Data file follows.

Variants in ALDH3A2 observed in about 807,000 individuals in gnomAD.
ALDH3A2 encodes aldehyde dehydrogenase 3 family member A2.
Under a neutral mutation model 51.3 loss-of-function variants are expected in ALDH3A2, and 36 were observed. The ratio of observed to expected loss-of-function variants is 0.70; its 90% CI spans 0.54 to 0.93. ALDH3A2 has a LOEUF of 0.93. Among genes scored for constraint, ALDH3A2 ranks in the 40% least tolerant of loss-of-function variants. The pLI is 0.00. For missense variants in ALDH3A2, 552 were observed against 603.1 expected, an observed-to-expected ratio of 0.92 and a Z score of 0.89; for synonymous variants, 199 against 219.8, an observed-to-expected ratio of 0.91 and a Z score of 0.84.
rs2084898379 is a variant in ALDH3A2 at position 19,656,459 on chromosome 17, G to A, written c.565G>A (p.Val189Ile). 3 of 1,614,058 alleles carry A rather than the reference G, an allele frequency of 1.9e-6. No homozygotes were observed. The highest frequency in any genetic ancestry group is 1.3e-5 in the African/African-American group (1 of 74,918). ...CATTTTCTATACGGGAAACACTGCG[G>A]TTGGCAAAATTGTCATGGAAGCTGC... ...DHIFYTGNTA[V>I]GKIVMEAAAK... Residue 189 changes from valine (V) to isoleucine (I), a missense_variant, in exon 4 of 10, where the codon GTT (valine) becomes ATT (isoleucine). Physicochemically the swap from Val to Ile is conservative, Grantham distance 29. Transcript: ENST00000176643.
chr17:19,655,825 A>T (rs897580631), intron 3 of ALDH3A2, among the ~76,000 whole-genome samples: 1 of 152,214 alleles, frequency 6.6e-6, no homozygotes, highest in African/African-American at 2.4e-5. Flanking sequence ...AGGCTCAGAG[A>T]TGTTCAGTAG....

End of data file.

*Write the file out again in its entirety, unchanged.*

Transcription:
Variants in ALDH3A2 observed in about 807,000 individuals in gnomAD.
ALDH3A2 encodes aldehyde dehydrogenase 3 family member A2.
Under a neutral mutation model 51.3 loss-of-function variants are expected in ALDH3A2, and 36 were observed. The ratio of observed to expected loss-of-function variants is 0.70; its 90% CI spans 0.54 to 0.93. ALDH3A2 has a LOEUF of 0.93. Among genes scored for constraint, ALDH3A2 ranks in the 40% least tolerant of loss-of-function variants. The pLI is 0.00. For missense variants in ALDH3A2, 552 were observed against 603.1 expected, an observed-to-expected ratio of 0.92 and a Z score of 0.89; for synonymous variants, 199 against 219.8, an observed-to-expected ratio of 0.91 and a Z score of 0.84.
rs2084898379 is a variant in ALDH3A2 at position 19,656,459 on chromosome 17, G to A, written c.565G>A (p.Val189Ile). 3 of 1,614,058 alleles carry A rather than the reference G, an allele frequency of 1.9e-6. No homozygotes were observed. The highest frequency in any genetic ancestry group is 1.3e-5 in the African/African-American group (1 of 74,918). ...CATTTTCTATACGGGAAACACTGCG[G>A]TTGGCAAAATTGTCATGGAAGCTGC... ...DHIFYTGNTA[V>I]GKIVMEAAAK... Residue 189 changes from valine (V) to isoleucine (I), a missense_variant, in exon 4 of 10, where the codon GTT (valine) becomes ATT (isoleucine). Physicochemically the swap from Val to Ile is conservative, Grantham distance 29. Transcript: ENST00000176643.
chr17:19,655,825 A>T (rs897580631), intron 3 of ALDH3A2, among the ~76,000 whole-genome samples: 1 of 152,214 alleles, frequency 6.6e-6, no homozygotes, highest in African/African-American at 2.4e-5. Flanking sequence ...AGGCTCAGAG[A>T]TGTTCAGTAG....